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Brian has a problem with Attack the Block

Brian has a problem with Attack the Block

Mounting a proper antihero extravaganza takes a special directorial hand, someone able to make a friend out of a nasty human being and make it stick as an organic exploration of an intricate personality. “Attack the Block” looks to build an entire motion picture around the antics of rotten people, and first-time filmmaker Joe Cornish doesn’t possess a magic touch able to smoothly transition creeps into champions. A slick horror comedy, “Attack the Block” contains a few fatal flaws that weaken its sense of cheery violent fun. It’s difficult to root for a bunch of alien-busting kids when they all deserve prolonged spankings.

As the leader of a scrappy street gang, young Moses (John Boyega) looks to rule the council estate he calls home, running with a pack of like-minded teens hopped up on American rap music and daydreams of violence. After terrorizing neighbor Sam (Jodie Whittaker) late one night, Moses and the boys encounter an alien life form that’s crash-landed in the street. Killing the beast and returning to the local drug kingpin, the boys pack away the grotesque corpse, looking to cash in on their discovery in the morning. However, the sky unleashes more visitors during the night, forcing the teen toughies to arm themselves and protect their building as growling, dark creatures come to feast.

A meticulously English production (the South London slang is thick as fog), “Attack the Block” heads to the hoodie generation to fashion a fresh sense of fearlessness. Moses and the boys are a rough crew of pubescent loners raising themselves in a troubling area teeming with crime and gangster idolatry, hoping to make their mark by menacing the locals, stealing valuables and threatening their victims with knives. In fact, a majority of the characters are repellent human beings, save for Sam and an educated stoner (Luke Treadaway) caught up in the ambush, with much of the film devoted to celebrating the warrior spirit of these smug, soulless kids, who turn their numerous weapons and ballsy attitudes towards the invaders, thus somehow erasing their previous sins.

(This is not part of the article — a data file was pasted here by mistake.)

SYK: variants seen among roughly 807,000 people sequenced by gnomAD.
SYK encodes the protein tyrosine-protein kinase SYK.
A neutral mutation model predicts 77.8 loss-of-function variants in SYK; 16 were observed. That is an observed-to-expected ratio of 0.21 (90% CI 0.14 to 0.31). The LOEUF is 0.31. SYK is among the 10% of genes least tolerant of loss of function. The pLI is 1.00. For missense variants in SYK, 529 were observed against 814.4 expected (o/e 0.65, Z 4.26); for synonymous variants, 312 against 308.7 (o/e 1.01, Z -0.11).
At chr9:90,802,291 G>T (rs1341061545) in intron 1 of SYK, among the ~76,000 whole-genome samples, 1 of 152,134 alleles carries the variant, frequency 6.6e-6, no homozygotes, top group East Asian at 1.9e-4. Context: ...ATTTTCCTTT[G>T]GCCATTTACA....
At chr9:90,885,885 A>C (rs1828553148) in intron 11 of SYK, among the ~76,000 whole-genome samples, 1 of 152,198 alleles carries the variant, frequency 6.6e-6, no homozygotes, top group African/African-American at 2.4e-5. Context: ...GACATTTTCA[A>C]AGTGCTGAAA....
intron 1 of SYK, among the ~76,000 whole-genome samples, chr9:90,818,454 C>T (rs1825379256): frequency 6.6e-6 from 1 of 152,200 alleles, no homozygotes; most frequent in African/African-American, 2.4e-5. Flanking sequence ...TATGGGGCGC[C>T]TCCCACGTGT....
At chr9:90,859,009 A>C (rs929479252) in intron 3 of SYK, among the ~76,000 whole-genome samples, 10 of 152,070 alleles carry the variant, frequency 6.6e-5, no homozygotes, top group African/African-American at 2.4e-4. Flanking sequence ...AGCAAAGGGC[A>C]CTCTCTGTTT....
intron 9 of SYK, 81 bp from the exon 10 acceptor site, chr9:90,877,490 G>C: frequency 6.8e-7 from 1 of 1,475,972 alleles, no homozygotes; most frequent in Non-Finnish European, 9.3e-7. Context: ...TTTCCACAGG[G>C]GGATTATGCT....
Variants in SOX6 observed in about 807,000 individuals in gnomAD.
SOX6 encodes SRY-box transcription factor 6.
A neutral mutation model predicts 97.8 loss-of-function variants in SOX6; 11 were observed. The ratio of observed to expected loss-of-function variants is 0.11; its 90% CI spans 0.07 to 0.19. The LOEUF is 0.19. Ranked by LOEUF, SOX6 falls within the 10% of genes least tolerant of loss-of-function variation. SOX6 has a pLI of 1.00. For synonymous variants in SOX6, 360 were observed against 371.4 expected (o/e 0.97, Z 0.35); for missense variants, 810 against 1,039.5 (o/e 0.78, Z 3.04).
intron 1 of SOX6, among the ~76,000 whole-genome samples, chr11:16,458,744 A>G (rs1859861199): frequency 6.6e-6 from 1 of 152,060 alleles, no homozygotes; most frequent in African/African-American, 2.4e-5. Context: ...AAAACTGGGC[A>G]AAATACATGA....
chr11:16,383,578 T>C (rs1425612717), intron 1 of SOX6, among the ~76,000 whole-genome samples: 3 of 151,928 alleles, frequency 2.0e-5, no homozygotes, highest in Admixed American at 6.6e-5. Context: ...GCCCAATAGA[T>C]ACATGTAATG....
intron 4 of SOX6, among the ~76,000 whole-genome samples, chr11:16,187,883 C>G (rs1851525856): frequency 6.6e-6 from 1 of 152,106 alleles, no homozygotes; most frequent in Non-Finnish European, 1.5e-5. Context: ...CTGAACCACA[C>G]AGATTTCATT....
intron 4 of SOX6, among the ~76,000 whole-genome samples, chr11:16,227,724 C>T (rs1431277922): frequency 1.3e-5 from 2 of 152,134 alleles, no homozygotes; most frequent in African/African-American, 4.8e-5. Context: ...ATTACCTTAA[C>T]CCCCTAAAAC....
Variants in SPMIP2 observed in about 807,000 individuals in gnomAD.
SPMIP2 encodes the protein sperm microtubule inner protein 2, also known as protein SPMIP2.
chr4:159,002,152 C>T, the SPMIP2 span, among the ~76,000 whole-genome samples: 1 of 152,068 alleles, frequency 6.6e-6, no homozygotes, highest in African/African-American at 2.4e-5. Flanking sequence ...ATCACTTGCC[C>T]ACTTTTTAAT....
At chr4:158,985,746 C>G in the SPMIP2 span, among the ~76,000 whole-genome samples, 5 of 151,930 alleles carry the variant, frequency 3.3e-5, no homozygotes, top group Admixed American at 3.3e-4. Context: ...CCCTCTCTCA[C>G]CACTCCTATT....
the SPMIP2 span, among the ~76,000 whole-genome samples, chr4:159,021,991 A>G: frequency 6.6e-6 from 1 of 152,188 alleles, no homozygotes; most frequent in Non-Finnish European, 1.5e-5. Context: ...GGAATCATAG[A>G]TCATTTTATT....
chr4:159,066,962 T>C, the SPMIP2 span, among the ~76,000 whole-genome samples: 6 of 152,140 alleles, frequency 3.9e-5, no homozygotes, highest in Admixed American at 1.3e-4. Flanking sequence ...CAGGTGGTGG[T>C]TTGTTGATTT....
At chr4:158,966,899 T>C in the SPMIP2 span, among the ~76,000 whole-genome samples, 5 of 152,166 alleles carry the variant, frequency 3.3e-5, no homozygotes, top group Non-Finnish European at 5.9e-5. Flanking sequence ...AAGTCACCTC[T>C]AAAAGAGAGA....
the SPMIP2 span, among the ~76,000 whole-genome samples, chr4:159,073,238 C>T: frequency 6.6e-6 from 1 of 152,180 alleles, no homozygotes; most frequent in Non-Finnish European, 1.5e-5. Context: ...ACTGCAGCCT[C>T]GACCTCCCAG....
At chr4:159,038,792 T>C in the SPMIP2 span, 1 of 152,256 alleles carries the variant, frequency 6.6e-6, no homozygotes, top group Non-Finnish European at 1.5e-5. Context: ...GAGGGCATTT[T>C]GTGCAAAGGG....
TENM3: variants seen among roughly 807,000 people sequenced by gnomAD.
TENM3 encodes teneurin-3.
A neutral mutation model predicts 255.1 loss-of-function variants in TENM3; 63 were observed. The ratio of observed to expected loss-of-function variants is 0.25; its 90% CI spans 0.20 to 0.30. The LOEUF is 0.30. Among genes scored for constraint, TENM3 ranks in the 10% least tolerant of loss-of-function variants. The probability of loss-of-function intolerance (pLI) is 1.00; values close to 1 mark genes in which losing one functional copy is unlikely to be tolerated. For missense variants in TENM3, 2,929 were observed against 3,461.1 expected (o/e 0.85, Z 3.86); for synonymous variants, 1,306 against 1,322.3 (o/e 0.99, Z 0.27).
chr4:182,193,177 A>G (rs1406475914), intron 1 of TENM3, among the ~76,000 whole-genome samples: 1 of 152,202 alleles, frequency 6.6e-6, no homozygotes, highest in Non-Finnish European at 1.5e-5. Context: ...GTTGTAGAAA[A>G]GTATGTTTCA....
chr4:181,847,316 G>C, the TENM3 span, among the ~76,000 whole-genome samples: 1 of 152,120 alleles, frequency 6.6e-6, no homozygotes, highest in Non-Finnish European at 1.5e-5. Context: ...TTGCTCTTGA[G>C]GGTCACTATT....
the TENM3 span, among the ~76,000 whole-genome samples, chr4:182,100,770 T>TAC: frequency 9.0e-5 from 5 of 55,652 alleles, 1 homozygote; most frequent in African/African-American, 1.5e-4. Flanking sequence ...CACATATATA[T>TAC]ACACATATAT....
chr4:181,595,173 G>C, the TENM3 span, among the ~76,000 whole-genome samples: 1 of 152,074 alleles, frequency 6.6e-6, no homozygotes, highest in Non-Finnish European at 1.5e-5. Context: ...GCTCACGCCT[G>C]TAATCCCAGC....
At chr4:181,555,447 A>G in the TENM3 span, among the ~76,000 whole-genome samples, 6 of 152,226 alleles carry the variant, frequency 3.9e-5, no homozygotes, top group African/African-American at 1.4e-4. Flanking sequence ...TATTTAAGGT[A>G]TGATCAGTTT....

Cornish has only a tentative grasp on geography, presenting action inside the council estate that lacks a solidified sense of space and character, with the gang running from one nondescript area to another, losing momentum as the film unfolds. Cornish’s screenplay is also terribly clunky with exposition, careful to underline important information that will come into play later in the film. Subtlety is not the man’s strong suit. The filmmaker achieves a darker version of “The Goonies” here, with the kids hopping on bikes for transportation, while using their underage, thinly ‘stached moxie to outwit adults and aliens, spitting out smartass comments along the way. Cornish embraces the antisocial thuggery as a unique thumbprint to his familiar tale of vicious outer space trespassers, but a key element of personality is sorely lacking from the picture, something enticing that turns these streetwise ghouls into palatable ruffians. I spent the movie rooting for the aliens, and that’s not the reaction Cornish is reaching for.

There’s some last-minute vulnerability thrown into the script as a way of justifying awful behavior. It seems the little rascals are merely the byproduct of their troubled surroundings, absorbing rage and neglect from the previous generation. It’s a hasty backtrack to warm up Moses and the boys, removing true responsibility for earlier actions to help reinforce their bruised courage, with Cornish ladling on transparent commentary concerning the state of the teen union. “Attack the Block” just isn’t substantial enough to support a sincere excavation of urban influence and misguided social unity.

Despite a largely unlikable cast of characters, the technical efforts in “Attack the Block” are magnificent, extending to the design and execution of the aliens. These pure-black creatures with glowing teeth (resembling one of the threats from the 1991 video game, “Out of this World”) are interesting to study and provide a few genuine moments of suspense, rampaging all over the building with a swell mix of CGI and practical effects.

“Attack the Block” bleeds geek and features enough splashy chase sequences to keep the patient involved, but these surface details are unable to support the entire picture. Cornish gradually inches away from a complex dissection of valor, leaving the end an irresponsible call to glory for the main character. I’m all for flawed heroes and sophisticated depictions of bravery, but to make a widescreen king out of a violent offender feels wrong, squeezing the fun factor out of a movie that yearns to please.

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